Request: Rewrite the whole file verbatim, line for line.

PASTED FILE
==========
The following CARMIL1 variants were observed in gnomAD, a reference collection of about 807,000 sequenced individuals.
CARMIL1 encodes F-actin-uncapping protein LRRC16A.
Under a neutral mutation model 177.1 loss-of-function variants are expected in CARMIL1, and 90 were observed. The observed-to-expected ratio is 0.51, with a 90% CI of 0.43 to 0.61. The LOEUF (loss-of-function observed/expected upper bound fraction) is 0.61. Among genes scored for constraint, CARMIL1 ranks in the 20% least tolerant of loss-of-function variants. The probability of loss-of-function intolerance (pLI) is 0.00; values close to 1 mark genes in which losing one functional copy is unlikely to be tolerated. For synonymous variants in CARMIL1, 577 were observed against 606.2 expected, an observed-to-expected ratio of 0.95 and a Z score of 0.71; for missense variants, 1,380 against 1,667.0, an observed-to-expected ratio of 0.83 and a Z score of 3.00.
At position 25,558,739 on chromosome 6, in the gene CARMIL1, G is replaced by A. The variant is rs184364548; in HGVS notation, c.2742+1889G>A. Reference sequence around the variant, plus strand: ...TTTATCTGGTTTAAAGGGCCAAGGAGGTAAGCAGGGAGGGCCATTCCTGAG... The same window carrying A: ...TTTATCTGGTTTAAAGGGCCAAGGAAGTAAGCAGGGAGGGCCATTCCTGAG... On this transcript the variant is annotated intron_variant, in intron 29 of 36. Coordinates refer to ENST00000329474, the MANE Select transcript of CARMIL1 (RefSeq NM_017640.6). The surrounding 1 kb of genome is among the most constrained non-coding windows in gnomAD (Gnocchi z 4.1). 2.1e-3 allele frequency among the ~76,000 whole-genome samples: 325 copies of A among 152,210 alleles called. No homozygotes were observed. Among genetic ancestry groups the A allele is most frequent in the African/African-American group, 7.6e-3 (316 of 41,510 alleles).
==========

The following CARMIL1 variants were observed in gnomAD, a reference collection of about 807,000 sequenced individuals.
CARMIL1 encodes F-actin-uncapping protein LRRC16A.
Under a neutral mutation model 177.1 loss-of-function variants are expected in CARMIL1, and 90 were observed. The observed-to-expected ratio is 0.51, with a 90% CI of 0.43 to 0.61. The LOEUF (loss-of-function observed/expected upper bound fraction) is 0.61. Among genes scored for constraint, CARMIL1 ranks in the 20% least tolerant of loss-of-function variants. The probability of loss-of-function intolerance (pLI) is 0.00; values close to 1 mark genes in which losing one functional copy is unlikely to be tolerated. For synonymous variants in CARMIL1, 577 were observed against 606.2 expected, an observed-to-expected ratio of 0.95 and a Z score of 0.71; for missense variants, 1,380 against 1,667.0, an observed-to-expected ratio of 0.83 and a Z score of 3.00.
At position 25,558,739 on chromosome 6, in the gene CARMIL1, G is replaced by A. The variant is rs184364548; in HGVS notation, c.2742+1889G>A. Reference sequence around the variant, plus strand: ...TTTATCTGGTTTAAAGGGCCAAGGAGGTAAGCAGGGAGGGCCATTCCTGAG... The same window carrying A: ...TTTATCTGGTTTAAAGGGCCAAGGAAGTAAGCAGGGAGGGCCATTCCTGAG... On this transcript the variant is annotated intron_variant, in intron 29 of 36. Coordinates refer to ENST00000329474, the MANE Select transcript of CARMIL1 (RefSeq NM_017640.6). The surrounding 1 kb of genome is among the most constrained non-coding windows in gnomAD (Gnocchi z 4.1). 2.1e-3 allele frequency among the ~76,000 whole-genome samples: 325 copies of A among 152,210 alleles called. No homozygotes were observed. Among genetic ancestry groups the A allele is most frequent in the African/African-American group, 7.6e-3 (316 of 41,510 alleles).